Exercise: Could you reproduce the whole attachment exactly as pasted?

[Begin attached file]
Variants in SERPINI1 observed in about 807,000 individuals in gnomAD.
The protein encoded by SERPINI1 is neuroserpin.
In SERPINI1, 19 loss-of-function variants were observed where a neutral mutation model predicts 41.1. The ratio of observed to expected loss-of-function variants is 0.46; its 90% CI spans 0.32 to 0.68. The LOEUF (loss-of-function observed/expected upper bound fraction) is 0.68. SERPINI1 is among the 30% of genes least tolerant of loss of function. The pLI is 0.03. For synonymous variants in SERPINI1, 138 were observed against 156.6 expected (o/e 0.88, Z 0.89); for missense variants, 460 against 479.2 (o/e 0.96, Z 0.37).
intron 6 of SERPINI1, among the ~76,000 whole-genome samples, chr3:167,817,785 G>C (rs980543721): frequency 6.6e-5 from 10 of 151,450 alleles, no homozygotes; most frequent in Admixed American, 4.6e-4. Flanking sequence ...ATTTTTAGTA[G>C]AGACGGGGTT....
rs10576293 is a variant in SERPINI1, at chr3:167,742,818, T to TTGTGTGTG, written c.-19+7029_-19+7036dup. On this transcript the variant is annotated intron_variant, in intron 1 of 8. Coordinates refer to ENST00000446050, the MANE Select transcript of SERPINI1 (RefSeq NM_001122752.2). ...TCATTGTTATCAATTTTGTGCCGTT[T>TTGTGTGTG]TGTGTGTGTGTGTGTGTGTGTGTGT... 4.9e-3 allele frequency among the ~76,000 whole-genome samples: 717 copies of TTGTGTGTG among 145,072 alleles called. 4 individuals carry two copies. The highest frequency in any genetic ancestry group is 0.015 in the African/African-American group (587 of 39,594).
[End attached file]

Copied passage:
Variants in SERPINI1 observed in about 807,000 individuals in gnomAD.
The protein encoded by SERPINI1 is neuroserpin.
In SERPINI1, 19 loss-of-function variants were observed where a neutral mutation model predicts 41.1. The ratio of observed to expected loss-of-function variants is 0.46; its 90% CI spans 0.32 to 0.68. The LOEUF (loss-of-function observed/expected upper bound fraction) is 0.68. SERPINI1 is among the 30% of genes least tolerant of loss of function. The pLI is 0.03. For synonymous variants in SERPINI1, 138 were observed against 156.6 expected (o/e 0.88, Z 0.89); for missense variants, 460 against 479.2 (o/e 0.96, Z 0.37).
intron 6 of SERPINI1, among the ~76,000 whole-genome samples, chr3:167,817,785 G>C (rs980543721): frequency 6.6e-5 from 10 of 151,450 alleles, no homozygotes; most frequent in Admixed American, 4.6e-4. Flanking sequence ...ATTTTTAGTA[G>C]AGACGGGGTT....
rs10576293 is a variant in SERPINI1, at chr3:167,742,818, T to TTGTGTGTG, written c.-19+7029_-19+7036dup. On this transcript the variant is annotated intron_variant, in intron 1 of 8. Coordinates refer to ENST00000446050, the MANE Select transcript of SERPINI1 (RefSeq NM_001122752.2). ...TCATTGTTATCAATTTTGTGCCGTT[T>TTGTGTGTG]TGTGTGTGTGTGTGTGTGTGTGTGT... 4.9e-3 allele frequency among the ~76,000 whole-genome samples: 717 copies of TTGTGTGTG among 145,072 alleles called. 4 individuals carry two copies. The highest frequency in any genetic ancestry group is 0.015 in the African/African-American group (587 of 39,594).